DH 106 and all it’s variants
Comets Mk.1s, 2s and 3s
In this section we look at the early years of the Comet
Looking at Design and it’s first flight
Development and entering service.
The Comet 2 was the next logical development of the Comet 1 but never saw airline service. This section cover specification, variants and it’s fate
Comet 2 and the RAF
Comet Mk.2s were operated by the RAF – mostly in Transport Command but also in various modified forms.
When it was decide that the Comet 2 would not enter airline service a much bigger Comet was designed. The Comet 3 became a test bed for development of the Comet 4 and 4B
A series of tragic accidents grounded the Comet 1 – as aircraft manufacturers discovered the concept of metal fatigue.
Court of Inquiry
A Court of Inquiry was set up to determine why a number of Comet Mk.1s crashed.
BOAC Comet 1s
BOAC became the main and as it happened only operators of the Comet 1
Comets Mk.4, 4B, 4C and C4
In this section we look at the Comet 4 and it’s derivatives
Comet 4 Developments
Comet 4 developments up to the Certificate of Airworthiness – including Air-conditioning, certification and demonstration flights
Flying the Mk.4
Cruise-climb, Stall Characteristics and endurance records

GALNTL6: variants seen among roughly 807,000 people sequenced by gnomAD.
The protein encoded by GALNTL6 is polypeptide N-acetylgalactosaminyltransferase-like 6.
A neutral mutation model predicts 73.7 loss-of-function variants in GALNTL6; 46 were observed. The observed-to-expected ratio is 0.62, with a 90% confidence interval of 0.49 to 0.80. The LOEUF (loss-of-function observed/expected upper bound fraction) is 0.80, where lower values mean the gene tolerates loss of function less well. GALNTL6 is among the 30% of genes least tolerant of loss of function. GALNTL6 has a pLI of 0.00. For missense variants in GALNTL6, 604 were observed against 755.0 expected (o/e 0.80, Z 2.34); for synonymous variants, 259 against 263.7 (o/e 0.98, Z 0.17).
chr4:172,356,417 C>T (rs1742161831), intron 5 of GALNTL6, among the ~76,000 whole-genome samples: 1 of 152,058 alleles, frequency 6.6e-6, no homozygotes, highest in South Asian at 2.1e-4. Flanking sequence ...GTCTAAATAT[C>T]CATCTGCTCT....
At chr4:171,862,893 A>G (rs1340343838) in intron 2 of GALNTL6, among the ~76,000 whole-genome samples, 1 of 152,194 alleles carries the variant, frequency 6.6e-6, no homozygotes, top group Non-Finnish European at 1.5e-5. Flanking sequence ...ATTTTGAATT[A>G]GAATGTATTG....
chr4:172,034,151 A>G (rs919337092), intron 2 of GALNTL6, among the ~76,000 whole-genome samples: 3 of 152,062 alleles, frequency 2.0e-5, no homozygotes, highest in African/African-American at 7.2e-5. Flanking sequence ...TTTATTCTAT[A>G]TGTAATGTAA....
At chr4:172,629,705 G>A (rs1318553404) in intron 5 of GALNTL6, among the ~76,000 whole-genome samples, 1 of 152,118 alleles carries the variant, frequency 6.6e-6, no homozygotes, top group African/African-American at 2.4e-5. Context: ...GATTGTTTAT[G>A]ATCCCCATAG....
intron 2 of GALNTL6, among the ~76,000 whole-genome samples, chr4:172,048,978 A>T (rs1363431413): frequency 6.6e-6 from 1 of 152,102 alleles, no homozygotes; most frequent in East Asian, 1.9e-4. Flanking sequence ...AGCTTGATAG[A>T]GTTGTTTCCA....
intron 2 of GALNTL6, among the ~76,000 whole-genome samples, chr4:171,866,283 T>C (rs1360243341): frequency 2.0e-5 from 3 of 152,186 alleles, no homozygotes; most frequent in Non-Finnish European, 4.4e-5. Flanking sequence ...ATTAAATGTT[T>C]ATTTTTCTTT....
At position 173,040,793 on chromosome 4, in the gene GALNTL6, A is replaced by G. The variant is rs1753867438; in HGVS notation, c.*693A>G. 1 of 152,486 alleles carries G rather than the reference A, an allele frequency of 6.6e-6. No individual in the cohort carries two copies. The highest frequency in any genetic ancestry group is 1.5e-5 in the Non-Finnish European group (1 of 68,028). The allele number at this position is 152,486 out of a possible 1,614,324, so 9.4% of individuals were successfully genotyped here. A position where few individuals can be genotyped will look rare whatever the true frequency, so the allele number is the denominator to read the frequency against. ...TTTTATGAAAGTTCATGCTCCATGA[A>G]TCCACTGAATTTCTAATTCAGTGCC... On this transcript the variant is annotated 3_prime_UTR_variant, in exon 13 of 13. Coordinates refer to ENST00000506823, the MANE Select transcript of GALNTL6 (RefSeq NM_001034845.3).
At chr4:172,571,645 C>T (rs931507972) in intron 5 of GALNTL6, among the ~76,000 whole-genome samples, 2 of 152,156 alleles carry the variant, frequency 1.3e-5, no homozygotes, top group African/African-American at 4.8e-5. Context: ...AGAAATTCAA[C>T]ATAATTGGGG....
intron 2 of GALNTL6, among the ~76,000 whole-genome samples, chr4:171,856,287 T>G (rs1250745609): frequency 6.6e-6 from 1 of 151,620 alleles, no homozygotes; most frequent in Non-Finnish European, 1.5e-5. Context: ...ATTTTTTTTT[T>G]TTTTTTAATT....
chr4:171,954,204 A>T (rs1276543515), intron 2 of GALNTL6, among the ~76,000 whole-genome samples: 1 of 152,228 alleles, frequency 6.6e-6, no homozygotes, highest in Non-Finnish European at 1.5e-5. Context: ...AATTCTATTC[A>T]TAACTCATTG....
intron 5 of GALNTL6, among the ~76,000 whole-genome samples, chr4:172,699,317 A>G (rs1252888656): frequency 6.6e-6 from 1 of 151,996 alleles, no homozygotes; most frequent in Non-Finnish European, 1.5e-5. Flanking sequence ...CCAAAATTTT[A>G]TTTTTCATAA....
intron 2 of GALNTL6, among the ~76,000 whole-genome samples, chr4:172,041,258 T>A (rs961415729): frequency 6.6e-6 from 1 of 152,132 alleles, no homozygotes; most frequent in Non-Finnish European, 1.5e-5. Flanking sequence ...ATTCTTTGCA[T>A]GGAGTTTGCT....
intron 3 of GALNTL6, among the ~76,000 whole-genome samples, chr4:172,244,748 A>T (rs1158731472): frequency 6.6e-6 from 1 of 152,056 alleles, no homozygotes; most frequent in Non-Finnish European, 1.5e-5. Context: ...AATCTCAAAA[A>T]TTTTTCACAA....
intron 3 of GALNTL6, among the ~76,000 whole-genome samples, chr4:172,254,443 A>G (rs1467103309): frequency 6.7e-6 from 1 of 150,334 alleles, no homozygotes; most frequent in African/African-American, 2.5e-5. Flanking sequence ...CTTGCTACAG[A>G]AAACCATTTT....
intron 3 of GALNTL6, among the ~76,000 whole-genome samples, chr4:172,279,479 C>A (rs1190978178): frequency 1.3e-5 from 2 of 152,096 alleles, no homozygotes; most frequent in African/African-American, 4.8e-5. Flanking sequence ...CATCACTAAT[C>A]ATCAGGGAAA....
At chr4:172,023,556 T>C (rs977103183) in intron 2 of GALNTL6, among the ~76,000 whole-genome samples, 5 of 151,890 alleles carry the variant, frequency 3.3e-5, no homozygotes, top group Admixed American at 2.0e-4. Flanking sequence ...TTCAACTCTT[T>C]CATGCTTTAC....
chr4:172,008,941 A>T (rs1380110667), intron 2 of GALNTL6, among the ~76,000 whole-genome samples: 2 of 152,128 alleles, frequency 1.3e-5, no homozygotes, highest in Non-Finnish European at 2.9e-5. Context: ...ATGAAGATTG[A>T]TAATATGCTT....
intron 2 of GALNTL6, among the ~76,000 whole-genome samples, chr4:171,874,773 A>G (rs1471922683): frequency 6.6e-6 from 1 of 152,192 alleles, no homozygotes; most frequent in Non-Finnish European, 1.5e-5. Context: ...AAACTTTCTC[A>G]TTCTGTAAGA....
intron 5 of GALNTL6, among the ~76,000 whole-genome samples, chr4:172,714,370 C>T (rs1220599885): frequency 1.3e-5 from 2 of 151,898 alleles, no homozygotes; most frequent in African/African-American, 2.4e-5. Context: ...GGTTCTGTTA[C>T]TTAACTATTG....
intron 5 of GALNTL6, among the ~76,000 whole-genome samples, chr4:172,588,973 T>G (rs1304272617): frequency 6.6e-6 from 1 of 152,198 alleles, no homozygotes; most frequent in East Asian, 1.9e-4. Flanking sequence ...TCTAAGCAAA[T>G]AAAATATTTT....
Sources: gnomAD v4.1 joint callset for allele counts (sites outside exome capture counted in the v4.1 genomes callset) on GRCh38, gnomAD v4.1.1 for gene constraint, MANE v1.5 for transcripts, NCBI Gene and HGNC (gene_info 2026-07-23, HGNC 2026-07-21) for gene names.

Comet 4 Variants
The proposed 4A, developing the 4B and the 4C
BOAC and the Comet 4
From maiden flight, crossing the pond, services expand, advertising, incidents and the end of the line
BEA Experiences 1
Crew Training, maiden flight, pilot selection, route proving, slush issues, Olympic Airways, Air Race and pay dispute
BEA Experiences 2
Services, Utilization, Simulator, Grounded, Services Expand, Accidents, Air Tours and Peter McKeown
Five C4s were supplied to RAF Transport Command – Airframe numbers 6467 [XR395], 6468 [XR396], 6469 [XR397], 6470 [XR398] & 6471 [XR399]
In 1956 the Soviet Union was planning a prestigious Air Show. An official invitation was extended by the Soviet leader – Nikita Kruschov – via their head of Aviation (Bulganin), to the British Secretary of State for Air, Nigel Birch, to visit Moscow that June to see the Soviet Air Show at Tushino airfield, Moscow.
This is an account of that visit ….
In 1909 Lord Northcliffe offered a prize to the first aviator to fly across the English Channel.Fifty years later, in July 1959, the Daily Mail newspaper sponsored a celebratory Air Race as a tribute to Louis Blériot and offered a prize of £10,000.
BEA entered a team known as the BEAline syndicate – see how they got on…
Aircraft, particularly new types of aircraft, have to undergo a thorough testing and evaluation procedure before entering service The trials of G-AOVU are typical of that process.
Here we have logs from the first flight on 31st Oct 1959 up until 9th Aug 1962 with a scheduled flight from Mexico Cioty to LA.
Copyright © David Young 2021